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Documents & Guides
Explore a variety of topics about marine spills, response and compensation matters in the pages below.
Each topic and area of interest provides access to more detailed documentation that is freely downloadable.
This includes our 17 Technical Information Papers which are fully illustrated with photos and diagrams and are available in several languages.
What happens to oil in the marine environment over time when spilled at sea? How do different factors such as volume and physical and chemical properties affect the fate of oil spills?
How does oil impact seabirds, plankton, sea mammals and the shoreline?
Which industries might suffer temporary economic losses and loss of market confidence?
What are the specific chemical response strategies for responding to a Hazardous and Noxious Substance spill, and what are the potential effects on human and marine life?
What information is needed for an effective oil spill contingency plan? How can aerial observation and protective strategies assist with response operations?
What techniques are available for cleaning up oil at sea and on the shoreline?
What planning and waste management systems need to be put in place to reduce the volume of oily waste for treatment or disposal?
What legal arrangements and sources of compensation are available for a spill from a ship?
Explore the resources
The oil spills from the tanker EVOIKOS off Singapore and the barge PONTOON 300 in the United Arab Emirates (UAE) were major incidents which severely tested response arrangements in the two countries.
Learning from previous oil spill experiences is very important if predictions are to be made about the possible outcomes of following a particular response strategy in the aftermath of a new incident.
Evaluation of the response by specialised foreign vessels to the release of oil from PRESTIGE (2005)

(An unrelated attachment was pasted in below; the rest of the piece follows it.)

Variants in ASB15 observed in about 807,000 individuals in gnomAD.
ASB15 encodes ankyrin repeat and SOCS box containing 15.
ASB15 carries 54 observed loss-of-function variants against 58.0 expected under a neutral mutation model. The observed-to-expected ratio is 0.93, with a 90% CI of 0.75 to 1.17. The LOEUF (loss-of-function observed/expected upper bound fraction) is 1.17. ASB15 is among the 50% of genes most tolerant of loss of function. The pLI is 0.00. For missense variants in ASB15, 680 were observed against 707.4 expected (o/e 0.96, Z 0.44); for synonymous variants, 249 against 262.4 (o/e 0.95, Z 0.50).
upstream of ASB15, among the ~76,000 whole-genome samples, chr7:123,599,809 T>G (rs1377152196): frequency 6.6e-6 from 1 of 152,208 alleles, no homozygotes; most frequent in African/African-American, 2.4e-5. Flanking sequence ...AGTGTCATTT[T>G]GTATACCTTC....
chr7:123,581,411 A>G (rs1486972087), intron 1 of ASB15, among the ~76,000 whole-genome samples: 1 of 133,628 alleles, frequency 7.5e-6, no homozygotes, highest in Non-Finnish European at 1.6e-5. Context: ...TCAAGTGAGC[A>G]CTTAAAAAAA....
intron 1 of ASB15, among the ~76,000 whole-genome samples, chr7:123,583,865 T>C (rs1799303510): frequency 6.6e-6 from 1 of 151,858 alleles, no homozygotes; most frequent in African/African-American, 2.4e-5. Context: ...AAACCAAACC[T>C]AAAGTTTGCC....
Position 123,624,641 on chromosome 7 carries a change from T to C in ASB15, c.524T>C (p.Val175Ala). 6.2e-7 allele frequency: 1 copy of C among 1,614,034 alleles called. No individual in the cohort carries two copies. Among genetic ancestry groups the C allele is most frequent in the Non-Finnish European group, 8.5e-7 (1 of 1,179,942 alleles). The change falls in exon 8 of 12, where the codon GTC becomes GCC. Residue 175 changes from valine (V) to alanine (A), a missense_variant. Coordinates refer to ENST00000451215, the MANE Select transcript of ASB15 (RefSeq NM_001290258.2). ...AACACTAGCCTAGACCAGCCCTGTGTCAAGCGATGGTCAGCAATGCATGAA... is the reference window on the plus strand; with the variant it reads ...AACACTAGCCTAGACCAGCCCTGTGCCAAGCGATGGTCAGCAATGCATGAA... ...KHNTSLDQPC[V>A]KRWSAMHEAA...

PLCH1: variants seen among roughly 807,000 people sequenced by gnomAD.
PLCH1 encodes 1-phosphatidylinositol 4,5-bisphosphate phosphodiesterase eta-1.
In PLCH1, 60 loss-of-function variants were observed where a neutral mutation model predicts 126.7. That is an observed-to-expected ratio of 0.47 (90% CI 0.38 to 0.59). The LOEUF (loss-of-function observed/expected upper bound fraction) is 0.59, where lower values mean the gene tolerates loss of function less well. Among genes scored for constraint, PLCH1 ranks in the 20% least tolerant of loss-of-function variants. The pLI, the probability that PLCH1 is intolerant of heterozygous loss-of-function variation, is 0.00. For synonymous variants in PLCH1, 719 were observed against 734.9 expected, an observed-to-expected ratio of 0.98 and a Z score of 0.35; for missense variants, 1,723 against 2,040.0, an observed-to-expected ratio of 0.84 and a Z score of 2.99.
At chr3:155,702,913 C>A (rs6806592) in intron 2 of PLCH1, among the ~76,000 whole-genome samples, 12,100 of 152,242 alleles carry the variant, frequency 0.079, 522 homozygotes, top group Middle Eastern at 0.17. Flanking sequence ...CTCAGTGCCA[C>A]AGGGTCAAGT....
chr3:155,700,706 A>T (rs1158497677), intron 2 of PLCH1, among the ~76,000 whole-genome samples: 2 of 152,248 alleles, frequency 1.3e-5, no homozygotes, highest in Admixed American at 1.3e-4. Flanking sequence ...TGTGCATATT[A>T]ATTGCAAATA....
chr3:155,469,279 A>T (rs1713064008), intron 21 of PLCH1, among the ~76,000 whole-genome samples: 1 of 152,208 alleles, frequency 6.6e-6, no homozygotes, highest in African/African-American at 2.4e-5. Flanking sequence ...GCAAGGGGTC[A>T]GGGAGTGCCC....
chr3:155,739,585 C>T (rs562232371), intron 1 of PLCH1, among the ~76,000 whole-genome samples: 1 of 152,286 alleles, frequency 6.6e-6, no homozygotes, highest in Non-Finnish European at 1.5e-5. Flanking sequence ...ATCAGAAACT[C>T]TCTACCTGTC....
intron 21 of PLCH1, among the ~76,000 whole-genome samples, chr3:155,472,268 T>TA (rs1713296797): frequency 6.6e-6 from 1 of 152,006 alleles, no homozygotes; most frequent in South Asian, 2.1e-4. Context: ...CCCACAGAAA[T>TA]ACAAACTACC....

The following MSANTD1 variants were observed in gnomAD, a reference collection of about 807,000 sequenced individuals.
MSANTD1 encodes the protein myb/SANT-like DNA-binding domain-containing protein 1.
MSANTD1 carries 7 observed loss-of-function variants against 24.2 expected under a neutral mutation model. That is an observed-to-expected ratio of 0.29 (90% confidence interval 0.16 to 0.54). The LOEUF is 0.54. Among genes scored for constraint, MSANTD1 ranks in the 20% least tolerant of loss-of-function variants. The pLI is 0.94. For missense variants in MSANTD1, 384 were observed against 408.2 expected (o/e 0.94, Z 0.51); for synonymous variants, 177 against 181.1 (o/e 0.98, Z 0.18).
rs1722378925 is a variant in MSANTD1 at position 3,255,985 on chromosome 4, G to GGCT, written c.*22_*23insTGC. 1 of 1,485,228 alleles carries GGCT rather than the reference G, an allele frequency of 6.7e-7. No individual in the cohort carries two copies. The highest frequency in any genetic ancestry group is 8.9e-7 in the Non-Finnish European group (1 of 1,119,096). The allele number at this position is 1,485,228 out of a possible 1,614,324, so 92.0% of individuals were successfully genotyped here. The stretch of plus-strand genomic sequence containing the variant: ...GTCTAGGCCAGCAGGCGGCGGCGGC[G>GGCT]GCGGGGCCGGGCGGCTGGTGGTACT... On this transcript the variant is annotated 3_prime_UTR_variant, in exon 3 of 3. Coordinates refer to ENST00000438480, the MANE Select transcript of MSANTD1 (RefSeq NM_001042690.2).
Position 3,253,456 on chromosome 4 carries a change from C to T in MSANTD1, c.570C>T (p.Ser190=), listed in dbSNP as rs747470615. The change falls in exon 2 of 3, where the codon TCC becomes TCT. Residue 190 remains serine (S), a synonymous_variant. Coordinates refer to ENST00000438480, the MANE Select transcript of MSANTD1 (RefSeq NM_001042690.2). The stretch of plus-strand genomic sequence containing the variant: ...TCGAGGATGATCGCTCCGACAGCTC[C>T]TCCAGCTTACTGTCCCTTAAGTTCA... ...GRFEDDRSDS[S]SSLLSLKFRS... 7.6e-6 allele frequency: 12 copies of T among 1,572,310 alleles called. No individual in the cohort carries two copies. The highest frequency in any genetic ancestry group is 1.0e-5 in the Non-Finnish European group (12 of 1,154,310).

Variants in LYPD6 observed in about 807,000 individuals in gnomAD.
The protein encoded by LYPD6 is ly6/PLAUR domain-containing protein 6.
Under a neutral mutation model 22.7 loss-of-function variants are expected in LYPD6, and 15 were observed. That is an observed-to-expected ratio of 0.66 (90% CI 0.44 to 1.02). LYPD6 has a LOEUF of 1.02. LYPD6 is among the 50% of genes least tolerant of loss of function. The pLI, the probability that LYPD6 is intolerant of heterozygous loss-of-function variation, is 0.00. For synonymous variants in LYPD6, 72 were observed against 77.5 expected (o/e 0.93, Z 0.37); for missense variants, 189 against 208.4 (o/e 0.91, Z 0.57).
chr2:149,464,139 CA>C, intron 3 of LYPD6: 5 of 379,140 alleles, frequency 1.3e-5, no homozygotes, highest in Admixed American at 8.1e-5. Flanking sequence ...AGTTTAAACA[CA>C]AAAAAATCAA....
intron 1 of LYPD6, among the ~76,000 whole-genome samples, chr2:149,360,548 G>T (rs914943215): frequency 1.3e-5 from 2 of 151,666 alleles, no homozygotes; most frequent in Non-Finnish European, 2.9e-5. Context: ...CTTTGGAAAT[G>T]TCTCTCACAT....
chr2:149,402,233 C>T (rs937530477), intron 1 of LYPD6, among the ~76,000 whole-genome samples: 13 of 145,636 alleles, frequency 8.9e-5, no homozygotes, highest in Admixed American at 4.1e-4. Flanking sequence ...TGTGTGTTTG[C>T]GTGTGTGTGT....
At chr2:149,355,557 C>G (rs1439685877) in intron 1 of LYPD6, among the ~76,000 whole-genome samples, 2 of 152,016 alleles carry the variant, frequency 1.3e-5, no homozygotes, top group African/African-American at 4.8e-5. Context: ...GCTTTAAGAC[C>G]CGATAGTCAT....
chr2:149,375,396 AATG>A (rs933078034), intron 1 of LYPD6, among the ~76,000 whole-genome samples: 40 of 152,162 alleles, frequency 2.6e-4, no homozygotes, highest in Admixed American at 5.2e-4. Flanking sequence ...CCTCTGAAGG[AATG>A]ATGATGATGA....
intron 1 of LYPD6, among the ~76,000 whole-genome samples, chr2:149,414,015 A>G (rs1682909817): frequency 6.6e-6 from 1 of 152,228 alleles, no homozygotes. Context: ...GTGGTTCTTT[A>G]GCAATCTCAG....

Following the spill of oil from PRESTIGE, Spain and Portugal called for resources to assist in the response. Over the following month, a major fleet was assembled with sixteen vessels from eight nations. Although a significant volume of oil was subsequently collected at sea the vessels experienced varying degrees of success.
Following the sinking of the tanker PRESTIGE in the Atlantic Ocean in 2002, a consortium headed by the Spanish oil company, REPSOL, designed and implemented a system for the removal of 13,000 tonnes of the vessel's remaining cargo of heavy fuel oil from a depth of some 3,650 metres, some 170 nautical miles off the Spanish coast.
Following the technical triumph of removing most of the oil from the sunken wreck of the PRESTIGE, interest and expectations have been raised in equal measure.
In April 2007 the 1500 passenger cruise ship SEA DIAMOND was involved in a tragic incident which resulted in the loss of two lives and the sinking of the vessel near the Greek island of Santorini.
The NAKHODKA oil spill was undoubtedly the most significant marine oil pollution incident to have occurred in 1997, and the most serious tanker spill ever in Japan.
In April, 2007 the cruise ship SEA DIAMOND ran aground and sank off the Greek island of Santorini.The following paper picks up the story, 3 years on, looks at the current situation, compares it in a qualitative way to other cases around the world, and reviews some of the options that have been suggested in different quarters.
Over the years, ITOPF has regularly attended incidents in relatively remote locations with limited response capacities and/or limited contingency planning arrangements in place.
The aim of this paper is to highlight the common challenges that have arisen following serious containership incidents, focusing largely on the MSC CHITRA incident response in India, in order to encourage preparedness and planning for other such events.